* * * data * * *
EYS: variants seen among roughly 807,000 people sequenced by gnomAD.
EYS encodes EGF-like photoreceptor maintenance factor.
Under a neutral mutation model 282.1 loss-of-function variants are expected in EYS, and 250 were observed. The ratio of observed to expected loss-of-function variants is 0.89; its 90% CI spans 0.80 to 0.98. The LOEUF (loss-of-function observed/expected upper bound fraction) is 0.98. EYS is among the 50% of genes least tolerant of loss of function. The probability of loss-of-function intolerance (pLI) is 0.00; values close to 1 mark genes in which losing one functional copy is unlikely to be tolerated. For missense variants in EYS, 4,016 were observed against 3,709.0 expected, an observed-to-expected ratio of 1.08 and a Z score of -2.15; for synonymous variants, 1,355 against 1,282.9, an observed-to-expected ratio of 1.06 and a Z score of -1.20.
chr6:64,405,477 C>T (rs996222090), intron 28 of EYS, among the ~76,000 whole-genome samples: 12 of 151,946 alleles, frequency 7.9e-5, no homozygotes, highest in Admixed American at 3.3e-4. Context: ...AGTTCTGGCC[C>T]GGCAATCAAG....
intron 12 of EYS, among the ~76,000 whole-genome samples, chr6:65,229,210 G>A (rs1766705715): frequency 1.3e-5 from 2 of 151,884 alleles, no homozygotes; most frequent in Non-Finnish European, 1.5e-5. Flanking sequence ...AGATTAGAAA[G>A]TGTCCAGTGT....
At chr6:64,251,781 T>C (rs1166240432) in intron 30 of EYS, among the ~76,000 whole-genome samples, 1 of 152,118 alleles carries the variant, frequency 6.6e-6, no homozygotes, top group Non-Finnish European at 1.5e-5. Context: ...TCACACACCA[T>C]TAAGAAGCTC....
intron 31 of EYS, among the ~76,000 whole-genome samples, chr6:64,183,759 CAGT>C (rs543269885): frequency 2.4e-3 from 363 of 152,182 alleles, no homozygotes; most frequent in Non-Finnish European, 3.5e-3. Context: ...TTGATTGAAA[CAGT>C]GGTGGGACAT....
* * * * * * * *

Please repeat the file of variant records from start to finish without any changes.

EYS: variants seen among roughly 807,000 people sequenced by gnomAD.
EYS encodes EGF-like photoreceptor maintenance factor.
Under a neutral mutation model 282.1 loss-of-function variants are expected in EYS, and 250 were observed. The ratio of observed to expected loss-of-function variants is 0.89; its 90% CI spans 0.80 to 0.98. The LOEUF (loss-of-function observed/expected upper bound fraction) is 0.98. EYS is among the 50% of genes least tolerant of loss of function. The probability of loss-of-function intolerance (pLI) is 0.00; values close to 1 mark genes in which losing one functional copy is unlikely to be tolerated. For missense variants in EYS, 4,016 were observed against 3,709.0 expected, an observed-to-expected ratio of 1.08 and a Z score of -2.15; for synonymous variants, 1,355 against 1,282.9, an observed-to-expected ratio of 1.06 and a Z score of -1.20.
chr6:64,405,477 C>T (rs996222090), intron 28 of EYS, among the ~76,000 whole-genome samples: 12 of 151,946 alleles, frequency 7.9e-5, no homozygotes, highest in Admixed American at 3.3e-4. Context: ...AGTTCTGGCC[C>T]GGCAATCAAG....
intron 12 of EYS, among the ~76,000 whole-genome samples, chr6:65,229,210 G>A (rs1766705715): frequency 1.3e-5 from 2 of 151,884 alleles, no homozygotes; most frequent in Non-Finnish European, 1.5e-5. Flanking sequence ...AGATTAGAAA[G>A]TGTCCAGTGT....
At chr6:64,251,781 T>C (rs1166240432) in intron 30 of EYS, among the ~76,000 whole-genome samples, 1 of 152,118 alleles carries the variant, frequency 6.6e-6, no homozygotes, top group Non-Finnish European at 1.5e-5. Context: ...TCACACACCA[T>C]TAAGAAGCTC....
intron 31 of EYS, among the ~76,000 whole-genome samples, chr6:64,183,759 CAGT>C (rs543269885): frequency 2.4e-3 from 363 of 152,182 alleles, no homozygotes; most frequent in Non-Finnish European, 3.5e-3. Context: ...TTGATTGAAA[CAGT>C]GGTGGGACAT....